How Dungeons & Dragons Brought Us New Friends in a New City
Three years ago I moved to Greensboro, North Carolina, with my wife, Amanda. When we reflected on the previous years we'd spent "digital nomad-ing" across the US, we were sorry to see that we'd gained few new friends along the way. We were determined to change that here. To put down roots. To join the community.
But in your 30s and working remotely, making new friends is easier said than done.
During our ample road time - coast-to-coast twice - Amanda and I tore through dozens of audiobooks. One series in particular, Critical Failures, had us laughing out loud at the hijinks of a bunch of 30-somethings playing "Creatures and Caverns," a copyright-infringement-free riff on Dungeons & Dragons. While driving, we'd pause the audio and discuss what we'd have done differently in a given situation. The game sounded fun, and not as complicated as we expected.
Let's Try It
After our move, I posted in Greensboro's subreddit asking if any D&D group was looking for new players.
Now, years later, Amanda and I both like Dungeons & Dragons, but we love the people that it's brought into our lives. D&D has become the backdrop for so much more: hiking, cook-outs, whiskey tastings, bar crawls, craft nights, house-warmings, birthdays, and weddings.
When Coronavirus struck and we all began sheltering in-place, one of the first things to be canceled was our group's new campaign.
Once we realized that this "new normal" was going to last a while, we all started experimenting with ways to take it online. Like many other groups, we ended up with a hodgepodge of Roll20, Discord, and Google Hangouts that sort-of-kind-of works, but is nowhere near the experience of playing at a table together.
So I started fantasizing about building a shared online table for our party. "How hard could it be?" I thought. I ran Heroku's Node.js platform for years. I advocate for blending game development with web-app development. I love writing graphics software and real-time distributed systems. Until my whole life became single-player, I was working on a single-player roguelike game that looks an awful lot like D&D.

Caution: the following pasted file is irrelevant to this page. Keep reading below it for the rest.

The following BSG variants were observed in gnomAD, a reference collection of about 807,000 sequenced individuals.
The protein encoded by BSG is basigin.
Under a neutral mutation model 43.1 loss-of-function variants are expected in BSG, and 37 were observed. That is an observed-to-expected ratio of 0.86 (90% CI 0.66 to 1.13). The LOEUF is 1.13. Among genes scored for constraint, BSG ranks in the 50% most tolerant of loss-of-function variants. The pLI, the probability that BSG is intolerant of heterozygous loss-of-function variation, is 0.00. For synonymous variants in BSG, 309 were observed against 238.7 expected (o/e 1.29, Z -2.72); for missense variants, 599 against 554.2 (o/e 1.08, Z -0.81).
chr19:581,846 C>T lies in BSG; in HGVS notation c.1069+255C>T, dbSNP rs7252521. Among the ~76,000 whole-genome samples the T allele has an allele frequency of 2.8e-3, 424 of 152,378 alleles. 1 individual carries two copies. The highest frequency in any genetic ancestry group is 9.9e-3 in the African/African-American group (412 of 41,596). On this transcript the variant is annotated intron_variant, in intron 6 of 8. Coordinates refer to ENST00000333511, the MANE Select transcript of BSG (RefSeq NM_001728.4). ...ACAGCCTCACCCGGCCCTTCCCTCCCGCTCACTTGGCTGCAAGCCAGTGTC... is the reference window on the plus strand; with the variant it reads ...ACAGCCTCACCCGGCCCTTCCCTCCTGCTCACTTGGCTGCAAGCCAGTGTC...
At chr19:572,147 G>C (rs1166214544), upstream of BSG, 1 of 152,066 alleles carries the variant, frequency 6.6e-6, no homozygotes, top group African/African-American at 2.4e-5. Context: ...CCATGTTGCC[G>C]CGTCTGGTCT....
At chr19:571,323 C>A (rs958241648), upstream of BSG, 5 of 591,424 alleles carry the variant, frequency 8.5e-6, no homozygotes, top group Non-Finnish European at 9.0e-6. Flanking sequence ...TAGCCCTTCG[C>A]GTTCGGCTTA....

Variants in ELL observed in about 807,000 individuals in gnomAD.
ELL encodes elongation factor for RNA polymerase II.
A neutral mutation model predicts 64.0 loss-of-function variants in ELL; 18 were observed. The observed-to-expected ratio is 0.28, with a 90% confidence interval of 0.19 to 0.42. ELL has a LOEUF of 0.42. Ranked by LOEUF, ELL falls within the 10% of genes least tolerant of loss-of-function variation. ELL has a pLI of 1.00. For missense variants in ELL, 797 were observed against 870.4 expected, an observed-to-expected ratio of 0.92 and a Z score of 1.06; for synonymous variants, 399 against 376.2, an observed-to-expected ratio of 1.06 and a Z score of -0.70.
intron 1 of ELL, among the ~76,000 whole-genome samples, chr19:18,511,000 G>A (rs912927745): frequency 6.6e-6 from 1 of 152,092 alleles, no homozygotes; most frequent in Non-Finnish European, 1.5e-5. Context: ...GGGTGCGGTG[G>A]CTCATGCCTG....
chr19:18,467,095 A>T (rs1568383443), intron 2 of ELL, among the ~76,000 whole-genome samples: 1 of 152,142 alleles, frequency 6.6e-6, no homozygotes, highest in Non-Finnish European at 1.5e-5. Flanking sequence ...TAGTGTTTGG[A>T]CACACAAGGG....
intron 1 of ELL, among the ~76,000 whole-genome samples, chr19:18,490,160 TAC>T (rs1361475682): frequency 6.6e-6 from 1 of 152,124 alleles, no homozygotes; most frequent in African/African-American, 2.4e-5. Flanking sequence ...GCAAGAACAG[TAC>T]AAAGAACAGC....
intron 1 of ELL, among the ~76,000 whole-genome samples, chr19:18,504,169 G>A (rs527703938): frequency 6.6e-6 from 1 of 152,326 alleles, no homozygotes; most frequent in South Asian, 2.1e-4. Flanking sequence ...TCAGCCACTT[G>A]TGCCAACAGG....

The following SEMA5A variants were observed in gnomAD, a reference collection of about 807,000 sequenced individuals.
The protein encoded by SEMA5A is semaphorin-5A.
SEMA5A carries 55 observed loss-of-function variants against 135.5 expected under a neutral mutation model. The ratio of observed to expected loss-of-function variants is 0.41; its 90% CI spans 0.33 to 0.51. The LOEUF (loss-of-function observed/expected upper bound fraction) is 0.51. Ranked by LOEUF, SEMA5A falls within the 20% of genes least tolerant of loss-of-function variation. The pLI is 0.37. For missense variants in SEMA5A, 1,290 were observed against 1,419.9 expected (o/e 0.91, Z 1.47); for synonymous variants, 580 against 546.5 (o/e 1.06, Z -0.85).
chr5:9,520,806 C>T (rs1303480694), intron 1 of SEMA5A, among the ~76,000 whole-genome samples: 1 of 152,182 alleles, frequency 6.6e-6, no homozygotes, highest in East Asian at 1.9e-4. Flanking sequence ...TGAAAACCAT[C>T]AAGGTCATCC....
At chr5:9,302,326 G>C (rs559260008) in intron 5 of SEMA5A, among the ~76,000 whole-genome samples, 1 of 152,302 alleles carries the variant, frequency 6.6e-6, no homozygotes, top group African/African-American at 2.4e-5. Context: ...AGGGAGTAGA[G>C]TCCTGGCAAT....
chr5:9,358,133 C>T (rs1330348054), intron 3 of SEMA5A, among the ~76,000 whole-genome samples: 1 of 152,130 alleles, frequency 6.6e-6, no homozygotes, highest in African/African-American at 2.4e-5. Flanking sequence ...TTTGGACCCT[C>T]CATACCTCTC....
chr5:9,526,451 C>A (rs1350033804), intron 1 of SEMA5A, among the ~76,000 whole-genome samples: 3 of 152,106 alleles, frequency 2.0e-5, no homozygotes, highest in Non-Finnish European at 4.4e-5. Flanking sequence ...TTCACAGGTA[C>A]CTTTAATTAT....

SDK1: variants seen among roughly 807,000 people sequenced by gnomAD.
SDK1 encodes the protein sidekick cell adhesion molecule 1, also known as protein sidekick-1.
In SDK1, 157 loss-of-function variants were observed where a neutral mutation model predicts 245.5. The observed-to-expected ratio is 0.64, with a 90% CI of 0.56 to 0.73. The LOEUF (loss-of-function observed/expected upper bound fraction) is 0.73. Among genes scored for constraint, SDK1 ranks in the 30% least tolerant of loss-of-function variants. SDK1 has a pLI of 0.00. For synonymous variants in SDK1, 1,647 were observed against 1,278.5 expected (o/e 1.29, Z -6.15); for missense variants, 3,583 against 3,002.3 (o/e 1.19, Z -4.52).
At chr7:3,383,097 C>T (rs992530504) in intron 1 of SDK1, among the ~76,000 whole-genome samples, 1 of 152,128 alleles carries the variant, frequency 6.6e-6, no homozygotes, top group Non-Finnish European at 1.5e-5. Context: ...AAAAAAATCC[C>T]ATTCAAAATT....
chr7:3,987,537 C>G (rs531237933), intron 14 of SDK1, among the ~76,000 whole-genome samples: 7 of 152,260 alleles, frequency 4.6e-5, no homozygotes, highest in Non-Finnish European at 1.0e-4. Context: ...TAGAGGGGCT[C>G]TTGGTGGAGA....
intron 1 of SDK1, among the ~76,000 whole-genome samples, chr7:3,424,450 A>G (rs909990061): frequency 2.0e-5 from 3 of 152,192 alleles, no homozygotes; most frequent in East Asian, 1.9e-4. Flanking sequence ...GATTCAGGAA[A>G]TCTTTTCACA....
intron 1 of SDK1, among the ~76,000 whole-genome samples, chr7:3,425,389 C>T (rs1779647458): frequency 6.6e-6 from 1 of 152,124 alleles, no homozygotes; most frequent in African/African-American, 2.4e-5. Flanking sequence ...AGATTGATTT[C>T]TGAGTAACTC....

How Hard Could It Be?
Like most things in software, the answer was pretty fucking hard. But over the past months, I've built the foundation: streaming audio and video, collaborative painting on a map, a shared real-time environment, and tokens for miniatures. It's the most-fun project I've ever worked on.
My goal is to bring the tabletop experience online, where you can:
- see and hear your friends at the table
- sketch out a map
- place minis
- and roll dice
Keeping it that simple and resisting the urge to add video game-like rules and features is the North Star of this project.
After just a couple of months, the Table of Sending is almost D&D-worthy. That's only been possible because of the incredible support from Amanda Loftis, Andrew & Ciera Beckman, Ben Czajkowski, Claire Bonin, Daniel Grasso, Hannah Kaye, Sean Snodgrass, and Will Peitzman. Having a group of friends willing to spend hours hopping between Google Hangouts and the fledgeling Table of Sending to debug WebRTC connectivity is like getting Bardic Inspiration on every roll. With both experienced DMs and casual players providing product feedback, I feel like a Divination Wizard figuring out the next feature to build. Okay, no more D&D puns, I'm out of actions this turn.
If you're interested in following along with the project, subscribe to the mailing list. I'm not sending out updates at every step, but I will use that list for invitations to major milestones like beta testing.
Stay safe, have fun! -- Hunter